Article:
Last year was the year of Josh Hamilton. By the time the All-Star game rolled around, you couldn’t turn on ESPN or hit the internet without running face-first into one of the ubiquitous pieces on Hamilton and his recovery from depression and drug addiction. In fact, I think that my colleague, Mr. Lung, may have actually written the best piece I read on the subject.
However, it seems that our esteemed sportswriters may have missed Jeff’s column because the same thing is happening again. This year’s poster-boy is Zack Greinke and even places like Deadspin have begun to focus on his issues along with those of guys like Dontrelle Willis and define them accordingly.
Now, I’m of two minds on this. On the one hand, it is important to destigmatize issues like depression and drug abuse by talking about them. And when athletes come forward and admit even off-handedly that they, too, face these kinds of demons, it’s good for our awareness of the issue. But, when their whole story then becomes boiled down to a point where we see them only as the guy who fought depression or the guy who overcame his drug dependency, we eliminate all the gains and just create a new stigma. They are no longer people. Instead, they become the disease they defeated.
This issue is all the more important because it affects more than just athletes. Thousands of our friends and family members are coming home from Iraq and Afghanistan having seen and experienced things that are truly beyond human comprehension. But when the inevitable depression and its symptoms like PTSD and drug abuse start to rear their heads, the stigma keeps them from being able to seek help. This isn’t a new problem. The same thing happened to veterans of Vietnam, the two world wars and as far back as Ajax in Greek mythology.
I admit that I don’t have an answer to this stigmatization problem. If Sophocles couldn’t answer it and the best minds in psychology today can’t figure it out, it’s probably a little out of my range as well. But, it might be nice if from time to time we stopped referring to Greinke’s “amazing comeback” or Hamilton’s “heart-rending journey” and just appreciated them for who they are. A couple of guys who have overcome the same kind of problems that a lot of us face day in and day out and also happen to be able to do amazing things with a baseball.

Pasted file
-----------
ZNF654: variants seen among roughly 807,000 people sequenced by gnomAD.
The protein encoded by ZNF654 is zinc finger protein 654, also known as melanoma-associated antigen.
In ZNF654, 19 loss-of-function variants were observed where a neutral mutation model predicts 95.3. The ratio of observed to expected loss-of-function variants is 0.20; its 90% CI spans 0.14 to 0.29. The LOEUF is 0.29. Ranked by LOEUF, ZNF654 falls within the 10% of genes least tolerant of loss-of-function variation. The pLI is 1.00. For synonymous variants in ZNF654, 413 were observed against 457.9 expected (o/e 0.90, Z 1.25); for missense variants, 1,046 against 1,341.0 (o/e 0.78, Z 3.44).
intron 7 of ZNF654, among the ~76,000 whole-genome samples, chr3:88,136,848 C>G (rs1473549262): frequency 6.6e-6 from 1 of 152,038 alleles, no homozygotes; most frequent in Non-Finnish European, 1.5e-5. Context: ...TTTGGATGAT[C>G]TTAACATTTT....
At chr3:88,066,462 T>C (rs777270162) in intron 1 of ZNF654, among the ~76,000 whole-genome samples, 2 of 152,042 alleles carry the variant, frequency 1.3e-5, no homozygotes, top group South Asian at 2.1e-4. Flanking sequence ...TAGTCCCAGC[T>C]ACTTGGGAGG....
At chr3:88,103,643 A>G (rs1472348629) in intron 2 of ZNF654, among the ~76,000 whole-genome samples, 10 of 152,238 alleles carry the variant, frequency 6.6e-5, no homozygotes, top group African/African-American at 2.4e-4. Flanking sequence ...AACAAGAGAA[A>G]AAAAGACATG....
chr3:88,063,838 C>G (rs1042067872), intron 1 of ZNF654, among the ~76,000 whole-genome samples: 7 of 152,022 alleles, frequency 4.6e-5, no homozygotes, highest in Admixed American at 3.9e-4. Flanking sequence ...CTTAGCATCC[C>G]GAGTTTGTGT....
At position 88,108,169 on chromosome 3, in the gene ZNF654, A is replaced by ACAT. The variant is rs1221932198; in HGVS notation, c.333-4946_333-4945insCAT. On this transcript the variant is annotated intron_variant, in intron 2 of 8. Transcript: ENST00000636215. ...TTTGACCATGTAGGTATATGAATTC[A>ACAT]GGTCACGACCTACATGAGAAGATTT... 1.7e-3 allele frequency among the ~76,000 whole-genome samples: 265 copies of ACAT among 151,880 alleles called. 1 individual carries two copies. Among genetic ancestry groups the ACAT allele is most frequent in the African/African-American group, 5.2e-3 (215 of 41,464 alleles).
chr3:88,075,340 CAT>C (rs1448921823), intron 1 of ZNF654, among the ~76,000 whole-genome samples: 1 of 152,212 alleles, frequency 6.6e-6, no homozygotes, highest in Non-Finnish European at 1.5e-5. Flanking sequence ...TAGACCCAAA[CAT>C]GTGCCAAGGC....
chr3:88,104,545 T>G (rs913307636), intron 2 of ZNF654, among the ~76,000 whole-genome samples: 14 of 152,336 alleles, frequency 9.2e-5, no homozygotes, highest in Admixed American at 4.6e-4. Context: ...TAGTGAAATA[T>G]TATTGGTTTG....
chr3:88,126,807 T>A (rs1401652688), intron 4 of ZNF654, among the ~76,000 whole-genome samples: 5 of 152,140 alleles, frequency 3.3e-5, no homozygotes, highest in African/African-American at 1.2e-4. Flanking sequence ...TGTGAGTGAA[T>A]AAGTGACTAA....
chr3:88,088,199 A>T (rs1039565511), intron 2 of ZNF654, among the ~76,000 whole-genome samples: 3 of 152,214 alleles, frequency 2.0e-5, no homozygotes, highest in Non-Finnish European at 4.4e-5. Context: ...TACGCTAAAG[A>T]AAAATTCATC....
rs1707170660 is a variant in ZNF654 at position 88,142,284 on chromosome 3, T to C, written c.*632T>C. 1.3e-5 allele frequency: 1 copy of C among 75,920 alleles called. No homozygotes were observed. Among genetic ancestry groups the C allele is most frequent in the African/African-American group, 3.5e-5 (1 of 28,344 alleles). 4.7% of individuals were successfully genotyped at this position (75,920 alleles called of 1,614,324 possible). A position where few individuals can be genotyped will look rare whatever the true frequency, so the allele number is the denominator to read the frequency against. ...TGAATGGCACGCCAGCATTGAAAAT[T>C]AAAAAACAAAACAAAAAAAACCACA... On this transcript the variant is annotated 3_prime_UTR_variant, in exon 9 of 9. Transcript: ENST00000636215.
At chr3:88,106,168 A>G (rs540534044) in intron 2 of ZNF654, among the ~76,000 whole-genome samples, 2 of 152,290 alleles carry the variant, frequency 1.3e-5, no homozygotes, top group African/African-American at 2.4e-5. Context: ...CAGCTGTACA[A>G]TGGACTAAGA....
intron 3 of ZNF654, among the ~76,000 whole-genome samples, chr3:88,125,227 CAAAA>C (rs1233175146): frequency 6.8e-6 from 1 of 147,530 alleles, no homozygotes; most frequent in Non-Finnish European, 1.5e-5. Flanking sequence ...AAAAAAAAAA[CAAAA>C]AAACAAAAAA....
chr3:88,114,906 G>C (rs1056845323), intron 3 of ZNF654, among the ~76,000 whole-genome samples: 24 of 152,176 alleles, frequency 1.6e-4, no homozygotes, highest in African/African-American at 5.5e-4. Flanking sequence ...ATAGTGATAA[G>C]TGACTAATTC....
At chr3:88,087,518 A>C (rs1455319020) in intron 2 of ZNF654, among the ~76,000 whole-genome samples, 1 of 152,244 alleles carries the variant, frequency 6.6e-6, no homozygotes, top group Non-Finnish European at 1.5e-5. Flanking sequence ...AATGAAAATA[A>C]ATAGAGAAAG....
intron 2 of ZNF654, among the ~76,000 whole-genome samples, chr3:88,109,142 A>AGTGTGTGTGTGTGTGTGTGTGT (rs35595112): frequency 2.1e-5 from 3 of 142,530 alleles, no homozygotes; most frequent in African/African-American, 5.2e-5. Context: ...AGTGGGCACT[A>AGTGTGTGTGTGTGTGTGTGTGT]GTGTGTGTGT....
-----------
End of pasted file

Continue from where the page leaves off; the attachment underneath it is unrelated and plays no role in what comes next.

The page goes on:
Celebrity fans are an important part of sporting life. The Knicks have Spike Lee, Jack Nicholson is a courtside fixture for the Lakers and the Los Angeles Dodgers of Los Angeles are lucky enough to have Alyssa Milano. Who shows up at your games and who roots for you tells you something about a team’s psyche. So, what am I to take from the fact that MC Hammer was not only present at last night’s Tigers game but was also supposed to throw out the first pitch?
In case you need a refresher, MC Hammer was the chocolate cookie to Vanilla Ice’s white cream in the Oreo that was the early 90’s radio-friendly rap scene. However, while Vanilla decided to try and remake his image and attempt a more hard-core sound, Hammer got busy throwing his money away on amenities like a dishwasher in his bedroom and soon found himself bankrupt and careerless.
Why does this story sound familiar? Oh, right. Because it kind of sounds like the ’08 and ’09 Tigers. $12 million on a broken down Dontrelle Willis? Why not. Similar money for Edgar Renteria? Sure thing.
Unfortunately, I guess it’s fitting that Hammer was supposed to be on hand to witness this team in all it’s glory. It’s probably even more fitting that he didn’t get to throw the first pitch because of a rain delay. But maybe we’ll get lucky. Maybe the Tigers’ pitching staff will look past the bankruptcy and personal failing and reach for something deeper, an anthem to prop up their recently inflated ERA. Three words: Can’t touch this.